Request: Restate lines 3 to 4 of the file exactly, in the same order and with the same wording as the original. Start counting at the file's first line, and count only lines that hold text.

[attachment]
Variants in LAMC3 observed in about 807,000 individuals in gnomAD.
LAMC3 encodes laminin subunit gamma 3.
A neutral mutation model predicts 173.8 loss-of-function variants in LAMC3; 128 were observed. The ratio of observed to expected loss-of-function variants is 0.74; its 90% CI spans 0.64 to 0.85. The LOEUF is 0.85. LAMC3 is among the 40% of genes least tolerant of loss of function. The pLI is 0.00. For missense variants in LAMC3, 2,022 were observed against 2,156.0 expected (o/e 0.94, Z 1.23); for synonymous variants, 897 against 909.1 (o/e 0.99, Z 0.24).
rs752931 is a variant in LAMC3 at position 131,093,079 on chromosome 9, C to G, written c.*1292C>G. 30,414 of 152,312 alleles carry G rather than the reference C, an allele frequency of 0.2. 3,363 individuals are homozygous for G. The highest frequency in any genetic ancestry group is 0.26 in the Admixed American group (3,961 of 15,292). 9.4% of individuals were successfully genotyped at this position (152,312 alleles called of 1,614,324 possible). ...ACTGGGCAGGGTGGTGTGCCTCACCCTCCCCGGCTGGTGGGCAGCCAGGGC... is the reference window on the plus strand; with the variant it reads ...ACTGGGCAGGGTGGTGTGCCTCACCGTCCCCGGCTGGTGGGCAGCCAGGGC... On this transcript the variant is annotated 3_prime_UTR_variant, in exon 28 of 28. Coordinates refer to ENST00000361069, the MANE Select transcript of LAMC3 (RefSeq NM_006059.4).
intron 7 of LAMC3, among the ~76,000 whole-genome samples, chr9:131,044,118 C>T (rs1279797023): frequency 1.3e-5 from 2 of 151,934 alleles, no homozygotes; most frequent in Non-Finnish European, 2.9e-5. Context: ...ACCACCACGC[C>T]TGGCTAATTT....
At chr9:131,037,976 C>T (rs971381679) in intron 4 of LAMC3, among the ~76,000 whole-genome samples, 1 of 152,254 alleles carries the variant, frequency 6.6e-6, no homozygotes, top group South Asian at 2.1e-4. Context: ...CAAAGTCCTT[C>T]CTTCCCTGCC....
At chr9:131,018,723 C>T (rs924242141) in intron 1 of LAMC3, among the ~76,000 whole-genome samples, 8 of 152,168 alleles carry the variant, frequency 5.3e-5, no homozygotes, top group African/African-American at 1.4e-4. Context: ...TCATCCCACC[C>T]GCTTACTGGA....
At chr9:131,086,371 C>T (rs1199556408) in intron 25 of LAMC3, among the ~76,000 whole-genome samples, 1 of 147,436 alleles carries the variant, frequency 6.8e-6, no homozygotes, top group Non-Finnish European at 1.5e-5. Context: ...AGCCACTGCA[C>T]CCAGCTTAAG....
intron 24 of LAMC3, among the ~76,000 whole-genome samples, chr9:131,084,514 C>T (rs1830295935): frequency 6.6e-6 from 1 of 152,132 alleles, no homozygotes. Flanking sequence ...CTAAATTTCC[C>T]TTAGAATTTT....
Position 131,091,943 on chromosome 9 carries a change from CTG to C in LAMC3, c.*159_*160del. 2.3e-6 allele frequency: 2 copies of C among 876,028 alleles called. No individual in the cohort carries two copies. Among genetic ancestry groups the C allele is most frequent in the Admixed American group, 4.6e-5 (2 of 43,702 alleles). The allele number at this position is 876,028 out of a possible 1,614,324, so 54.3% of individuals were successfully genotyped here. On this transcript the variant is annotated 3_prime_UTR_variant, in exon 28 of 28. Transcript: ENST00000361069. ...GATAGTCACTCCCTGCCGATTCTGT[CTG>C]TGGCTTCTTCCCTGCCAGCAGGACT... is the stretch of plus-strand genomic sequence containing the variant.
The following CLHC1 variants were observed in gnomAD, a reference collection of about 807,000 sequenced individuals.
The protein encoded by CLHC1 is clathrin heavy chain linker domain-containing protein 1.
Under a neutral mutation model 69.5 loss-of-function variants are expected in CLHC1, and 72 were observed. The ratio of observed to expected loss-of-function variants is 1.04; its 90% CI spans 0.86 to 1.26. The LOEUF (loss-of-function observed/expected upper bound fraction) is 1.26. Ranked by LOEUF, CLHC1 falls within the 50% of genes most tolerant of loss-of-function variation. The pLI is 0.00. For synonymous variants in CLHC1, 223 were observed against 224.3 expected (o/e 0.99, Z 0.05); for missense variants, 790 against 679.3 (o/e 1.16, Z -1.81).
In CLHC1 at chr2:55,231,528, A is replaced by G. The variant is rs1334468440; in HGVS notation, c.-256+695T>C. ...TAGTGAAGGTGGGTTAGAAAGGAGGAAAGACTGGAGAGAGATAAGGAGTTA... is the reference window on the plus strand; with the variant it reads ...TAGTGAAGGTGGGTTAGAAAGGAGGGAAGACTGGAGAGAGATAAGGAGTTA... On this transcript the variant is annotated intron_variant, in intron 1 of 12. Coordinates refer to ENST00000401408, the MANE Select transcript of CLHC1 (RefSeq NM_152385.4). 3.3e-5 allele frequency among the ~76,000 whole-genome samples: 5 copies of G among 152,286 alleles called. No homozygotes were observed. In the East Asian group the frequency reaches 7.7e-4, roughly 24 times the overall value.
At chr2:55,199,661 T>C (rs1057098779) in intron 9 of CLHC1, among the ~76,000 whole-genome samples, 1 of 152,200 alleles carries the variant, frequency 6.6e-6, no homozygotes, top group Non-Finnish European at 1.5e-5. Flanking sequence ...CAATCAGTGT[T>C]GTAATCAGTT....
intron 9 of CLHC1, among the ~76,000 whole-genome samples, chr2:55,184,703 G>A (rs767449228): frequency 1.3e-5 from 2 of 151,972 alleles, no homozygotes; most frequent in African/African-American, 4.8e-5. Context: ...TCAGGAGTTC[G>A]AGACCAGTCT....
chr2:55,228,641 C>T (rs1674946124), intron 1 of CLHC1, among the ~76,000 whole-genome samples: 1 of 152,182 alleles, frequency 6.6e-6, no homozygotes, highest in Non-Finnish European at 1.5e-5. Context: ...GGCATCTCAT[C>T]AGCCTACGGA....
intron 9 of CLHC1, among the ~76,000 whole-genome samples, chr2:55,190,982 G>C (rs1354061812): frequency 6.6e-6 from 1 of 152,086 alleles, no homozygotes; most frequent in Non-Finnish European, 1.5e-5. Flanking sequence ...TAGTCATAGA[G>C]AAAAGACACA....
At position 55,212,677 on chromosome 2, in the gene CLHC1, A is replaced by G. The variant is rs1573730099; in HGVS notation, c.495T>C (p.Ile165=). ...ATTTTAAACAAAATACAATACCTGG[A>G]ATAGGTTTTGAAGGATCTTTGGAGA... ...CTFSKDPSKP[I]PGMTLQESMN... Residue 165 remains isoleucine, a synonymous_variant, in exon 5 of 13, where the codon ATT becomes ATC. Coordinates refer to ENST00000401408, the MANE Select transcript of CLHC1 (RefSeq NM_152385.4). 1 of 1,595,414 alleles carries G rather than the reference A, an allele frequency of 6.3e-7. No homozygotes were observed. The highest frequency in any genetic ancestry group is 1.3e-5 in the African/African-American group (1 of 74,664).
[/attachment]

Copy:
A neutral mutation model predicts 173.8 loss-of-function variants in LAMC3; 128 were observed. The ratio of observed to expected loss-of-function variants is 0.74; its 90% CI spans 0.64 to 0.85. The LOEUF is 0.85. LAMC3 is among the 40% of genes least tolerant of loss of function. The pLI is 0.00. For missense variants in LAMC3, 2,022 were observed against 2,156.0 expected (o/e 0.94, Z 1.23); for synonymous variants, 897 against 909.1 (o/e 0.99, Z 0.24).
rs752931 is a variant in LAMC3 at position 131,093,079 on chromosome 9, C to G, written c.*1292C>G. 30,414 of 152,312 alleles carry G rather than the reference C, an allele frequency of 0.2. 3,363 individuals are homozygous for G. The highest frequency in any genetic ancestry group is 0.26 in the Admixed American group (3,961 of 15,292). 9.4% of individuals were successfully genotyped at this position (152,312 alleles called of 1,614,324 possible). ...ACTGGGCAGGGTGGTGTGCCTCACCCTCCCCGGCTGGTGGGCAGCCAGGGC... is the reference window on the plus strand; with the variant it reads ...ACTGGGCAGGGTGGTGTGCCTCACCGTCCCCGGCTGGTGGGCAGCCAGGGC... On this transcript the variant is annotated 3_prime_UTR_variant, in exon 28 of 28. Coordinates refer to ENST00000361069, the MANE Select transcript of LAMC3 (RefSeq NM_006059.4).